Arduino category

Arduino Two-Way Bluetooth Communication Tutorial

Welcome to another Arduino Tutorial! Today we are going to learn how to use Bluetooth to exchange data between two Arduino boards! As a demonstration project, we are going to build a simple weather station. There is a lot to cover so let’s get started!

Arduino Two-Way Bluetooth Communication Tutorial – [Link]

Arduino Weather Station using DHT11

Using a display to view the temperature and humidity of your environment can be possible using the DHT11 or DHT22 sensor with the easy to use Arduino microcontroller platform and that’s the goal of this project. For this project, we will be using the 16×2 LCD display module to display the temperature and humidity readings gathered from the environment using the DHT11 temperature and humidity sensor.

Arduino Weather Station using DHT11 – [Link]

Decoding and Encoding JSON with Arduino or ESP8266

In this blog post you’re going to learn how to decode (parse a JSON string) and encode (generate a JSON string) with the ArduinoJson library using the Arduino with the Ethernet shield. This guide also works with the ESP8266 and ESP32 Wi-Fi modules with small changes.

Decoding and Encoding JSON with Arduino or ESP8266 – [Link]

WINXI – Arduino ZERO M0 Stick

WINXI – arduino ZERO Pro M0 compatible stick, RGB led, Micro SD, AtSamD21E18. Arduino zero pro compatible board with USB programming suitable for experienced users.

WINXI – Arduino ZERO M0 Stick – [Link]

Control a 12V Lamp via SMS with Arduino

In this tutorial we’re going to show you how you can turn a 12V lamp on and off by sending SMS to your Arduino with the text “ON” and “OFF”, respectively. You can also request the current lamp state by sending an SMS with the text “STATE”, the Arduino should reply back with the text “Lamp is on” or “Lamp is off”

Control a 12V Lamp via SMS with Arduino – [Link]

Get Sensor Data From Arduino To Smartphone Via Bluetooth

Hariharan Mathavan at allaboutcircuits.com designed a project on using Bluetooth to communicate with an Arduino. Bluetooth is one of the most popular wireless communication technologies because of its low power consumption, low cost and a light stack but provides a good range. In this project, data from a DHT-11 sensor is collected by an Arduino and then transmitted to a smartphone via Bluetooth.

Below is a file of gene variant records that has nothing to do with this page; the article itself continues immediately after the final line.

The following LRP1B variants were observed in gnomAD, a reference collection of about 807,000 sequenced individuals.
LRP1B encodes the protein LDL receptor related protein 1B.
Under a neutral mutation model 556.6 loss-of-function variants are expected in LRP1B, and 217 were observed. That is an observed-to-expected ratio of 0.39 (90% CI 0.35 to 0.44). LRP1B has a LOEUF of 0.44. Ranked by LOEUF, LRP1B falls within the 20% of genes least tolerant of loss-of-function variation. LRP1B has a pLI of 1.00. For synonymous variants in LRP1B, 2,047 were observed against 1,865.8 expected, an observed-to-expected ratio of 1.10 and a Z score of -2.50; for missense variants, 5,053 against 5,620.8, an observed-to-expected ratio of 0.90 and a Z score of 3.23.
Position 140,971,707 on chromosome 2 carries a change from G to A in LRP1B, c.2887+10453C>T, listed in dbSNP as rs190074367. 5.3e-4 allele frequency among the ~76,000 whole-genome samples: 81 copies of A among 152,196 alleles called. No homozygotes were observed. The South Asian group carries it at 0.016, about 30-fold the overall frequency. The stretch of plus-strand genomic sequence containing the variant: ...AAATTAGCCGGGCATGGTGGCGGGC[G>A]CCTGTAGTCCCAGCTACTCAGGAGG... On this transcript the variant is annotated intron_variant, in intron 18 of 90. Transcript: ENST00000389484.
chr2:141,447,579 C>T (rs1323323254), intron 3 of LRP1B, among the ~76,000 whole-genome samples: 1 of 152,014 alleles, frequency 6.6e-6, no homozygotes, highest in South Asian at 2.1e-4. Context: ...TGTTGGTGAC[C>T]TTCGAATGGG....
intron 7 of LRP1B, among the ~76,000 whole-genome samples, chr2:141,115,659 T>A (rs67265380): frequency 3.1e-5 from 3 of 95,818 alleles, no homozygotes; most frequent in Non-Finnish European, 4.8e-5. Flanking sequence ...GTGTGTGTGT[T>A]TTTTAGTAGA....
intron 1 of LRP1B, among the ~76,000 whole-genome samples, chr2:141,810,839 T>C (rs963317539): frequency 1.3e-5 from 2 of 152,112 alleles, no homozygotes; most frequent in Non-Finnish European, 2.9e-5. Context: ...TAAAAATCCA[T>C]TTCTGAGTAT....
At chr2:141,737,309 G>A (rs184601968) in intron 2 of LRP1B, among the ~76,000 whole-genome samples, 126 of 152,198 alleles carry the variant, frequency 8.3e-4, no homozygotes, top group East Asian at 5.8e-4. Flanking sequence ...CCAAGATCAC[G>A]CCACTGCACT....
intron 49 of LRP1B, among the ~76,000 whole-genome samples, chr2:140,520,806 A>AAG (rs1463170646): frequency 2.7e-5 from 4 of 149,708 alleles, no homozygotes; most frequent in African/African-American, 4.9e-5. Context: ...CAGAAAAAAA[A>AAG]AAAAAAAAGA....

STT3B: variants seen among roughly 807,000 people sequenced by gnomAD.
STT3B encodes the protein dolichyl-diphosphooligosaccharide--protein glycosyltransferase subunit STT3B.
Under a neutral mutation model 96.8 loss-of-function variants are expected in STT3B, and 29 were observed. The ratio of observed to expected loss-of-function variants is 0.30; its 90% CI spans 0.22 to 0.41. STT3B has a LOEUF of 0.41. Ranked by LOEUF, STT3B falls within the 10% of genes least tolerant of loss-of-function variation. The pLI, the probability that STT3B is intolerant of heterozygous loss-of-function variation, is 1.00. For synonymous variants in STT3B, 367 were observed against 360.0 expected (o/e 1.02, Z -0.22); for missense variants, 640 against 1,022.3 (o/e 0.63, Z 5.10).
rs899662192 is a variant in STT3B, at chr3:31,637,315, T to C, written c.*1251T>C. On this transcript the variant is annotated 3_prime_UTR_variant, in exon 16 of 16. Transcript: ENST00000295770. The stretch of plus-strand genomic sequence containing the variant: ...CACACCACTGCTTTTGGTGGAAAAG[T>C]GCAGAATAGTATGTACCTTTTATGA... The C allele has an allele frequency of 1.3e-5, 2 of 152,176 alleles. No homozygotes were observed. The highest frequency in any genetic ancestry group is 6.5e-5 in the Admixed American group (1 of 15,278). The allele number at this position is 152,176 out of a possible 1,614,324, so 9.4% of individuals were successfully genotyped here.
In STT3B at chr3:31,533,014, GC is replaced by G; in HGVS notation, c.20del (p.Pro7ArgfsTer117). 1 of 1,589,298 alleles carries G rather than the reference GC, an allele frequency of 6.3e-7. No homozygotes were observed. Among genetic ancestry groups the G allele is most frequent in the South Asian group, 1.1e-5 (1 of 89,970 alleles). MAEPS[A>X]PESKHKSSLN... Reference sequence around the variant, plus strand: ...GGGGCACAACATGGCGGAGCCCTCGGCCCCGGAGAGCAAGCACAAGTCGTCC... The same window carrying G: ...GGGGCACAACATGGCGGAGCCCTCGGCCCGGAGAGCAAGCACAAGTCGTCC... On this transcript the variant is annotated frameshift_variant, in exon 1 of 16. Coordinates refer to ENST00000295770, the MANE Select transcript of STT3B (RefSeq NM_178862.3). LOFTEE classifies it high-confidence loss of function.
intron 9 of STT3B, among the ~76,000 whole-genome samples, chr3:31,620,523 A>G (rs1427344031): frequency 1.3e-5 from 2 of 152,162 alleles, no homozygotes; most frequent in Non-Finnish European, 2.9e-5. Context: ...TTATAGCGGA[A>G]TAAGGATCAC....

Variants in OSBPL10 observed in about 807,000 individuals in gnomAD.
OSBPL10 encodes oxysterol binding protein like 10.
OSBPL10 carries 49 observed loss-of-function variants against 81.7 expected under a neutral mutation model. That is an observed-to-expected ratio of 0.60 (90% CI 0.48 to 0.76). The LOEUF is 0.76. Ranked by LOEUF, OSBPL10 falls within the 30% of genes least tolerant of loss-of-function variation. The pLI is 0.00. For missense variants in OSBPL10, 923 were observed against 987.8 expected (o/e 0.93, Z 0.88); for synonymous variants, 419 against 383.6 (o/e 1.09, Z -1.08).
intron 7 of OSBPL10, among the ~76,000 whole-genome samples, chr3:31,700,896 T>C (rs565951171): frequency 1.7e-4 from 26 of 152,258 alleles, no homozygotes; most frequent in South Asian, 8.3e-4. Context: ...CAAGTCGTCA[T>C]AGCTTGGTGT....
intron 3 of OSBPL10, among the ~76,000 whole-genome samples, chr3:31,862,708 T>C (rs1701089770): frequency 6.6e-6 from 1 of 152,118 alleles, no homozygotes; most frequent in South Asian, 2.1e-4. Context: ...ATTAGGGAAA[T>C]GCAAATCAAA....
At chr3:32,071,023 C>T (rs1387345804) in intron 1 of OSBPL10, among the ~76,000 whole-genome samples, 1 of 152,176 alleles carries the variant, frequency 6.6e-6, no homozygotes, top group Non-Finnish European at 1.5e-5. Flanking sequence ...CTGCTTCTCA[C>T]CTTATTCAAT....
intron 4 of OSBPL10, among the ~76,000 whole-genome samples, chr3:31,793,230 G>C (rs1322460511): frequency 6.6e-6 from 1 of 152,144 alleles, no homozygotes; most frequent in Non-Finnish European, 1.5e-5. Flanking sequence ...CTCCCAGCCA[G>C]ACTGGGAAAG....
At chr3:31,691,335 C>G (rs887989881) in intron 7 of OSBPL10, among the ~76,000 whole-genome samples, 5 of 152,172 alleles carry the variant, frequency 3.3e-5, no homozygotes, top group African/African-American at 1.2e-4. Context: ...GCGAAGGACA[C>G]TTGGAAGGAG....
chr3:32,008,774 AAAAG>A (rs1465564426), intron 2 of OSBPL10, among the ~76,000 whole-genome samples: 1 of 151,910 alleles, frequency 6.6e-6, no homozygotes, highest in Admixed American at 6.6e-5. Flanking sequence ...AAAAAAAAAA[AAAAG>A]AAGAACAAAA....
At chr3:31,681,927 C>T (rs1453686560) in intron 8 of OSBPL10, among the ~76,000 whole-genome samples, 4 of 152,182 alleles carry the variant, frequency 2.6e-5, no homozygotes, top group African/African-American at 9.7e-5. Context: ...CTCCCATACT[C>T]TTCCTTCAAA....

Required Parts

  • An Arduino. Any model can be used, but all code and schematics in this article will be for the Uno.
  • An Android Smartphone that has Bluetooth.
  • HC-05 Bluetooth Module
  • Android Studio (To develop the required Android app)
  • USB cable for programming and powering the Arduino
  • DHT-11 temperature and humidity sensor

Connecting The Bluetooth Module

To use the HC-05 Bluetooth module, simply connect the VCC to the 5V output on the Arduino, GND to Ground, RX to TX pin of the Arduino, and TX to RX pin of the Arduino. If the module is being used for the first time, you’ll want to change the name, passcode etc. To do this the module should be set to command mode. Connect the Key pin to any pin on the Arduino and set it to high to allow the module to be programmed.

Circuit to connect HC-05 with Arduino
Circuit to connect HC-05 with Arduino

To program the module, a set of commands known as AT commands are used. Here are some of them:

AT Check connection status.
AT+NAME =”ModuleName” Set a name for the device
AT+ADDR Check MAC Address
AT+UART Check Baudrate
AT+UART=”9600″ Sets Baudrate to 9600
AT+PSWD Check Default Passcode
AT+PSWD=”1234″ Sets Passcode to 1234

The Arduino code to send data using Bluetooth module:

//If youre not using a BTBee connect set the pin connected to the KEY pin high
#include <SoftwareSerial.h>
SoftwareSerial BTSerial(4,5); 
void setup() {
 String setName = String("AT+NAME=MyBTBee\r\n"); //Setting name as 'MyBTBee'
 Serial.begin(9600);
 BTSerial.begin(38400);
 BTSerial.print("AT\r\n"); //Check Status
 delay(500);
 while (BTSerial.available()) {
 Serial.write(BTSerial.read());
 }
 BTSerial.print(setName); //Send Command to change the name
 delay(500);
 while (BTSerial.available()) {
 Serial.write(BTSerial.read());
 }}
void loop() {}

Connecting The DHT-11 Sensor

To use the DHT-11, the DHT library by Adafruit is used. Go here to download the library. When the letter “t” is received, the temperature, humidity, and heat index will be transmitted back via Bluetooth.

circuit to connect DHT-11 with Arduino
circuit to connect DHT-11 with Arduino

The code used to read data from the DHT sensor, process it and send it via Bluetooth:

#include "DHT.h"
#define DHTPIN 2 
#define DHTTYPE DHT11 
DHT dht(DHTPIN, DHTTYPE);
void setup() {
 Serial.begin(9600);
 dht.begin();}

void loop()
{ char c; 
if(Serial.available()) 
 { 
 c = Serial.read(); 
 if(c=='t')
 readSensor();
 }}
void readSensor() {
 float h = dht.readHumidity();
 float t = dht.readTemperature();
 if (isnan(h) || isnan(t)) {
 Serial.println("Failed to read from DHT sensor!");
 return;
 }
 float hic = dht.computeHeatIndex(t, h, false);
 Serial.print("Humidity: ");
 Serial.print(h);
 Serial.print(" %\t");
 Serial.print("Temperature: ");
 Serial.print(t);
 Serial.print(" *C ");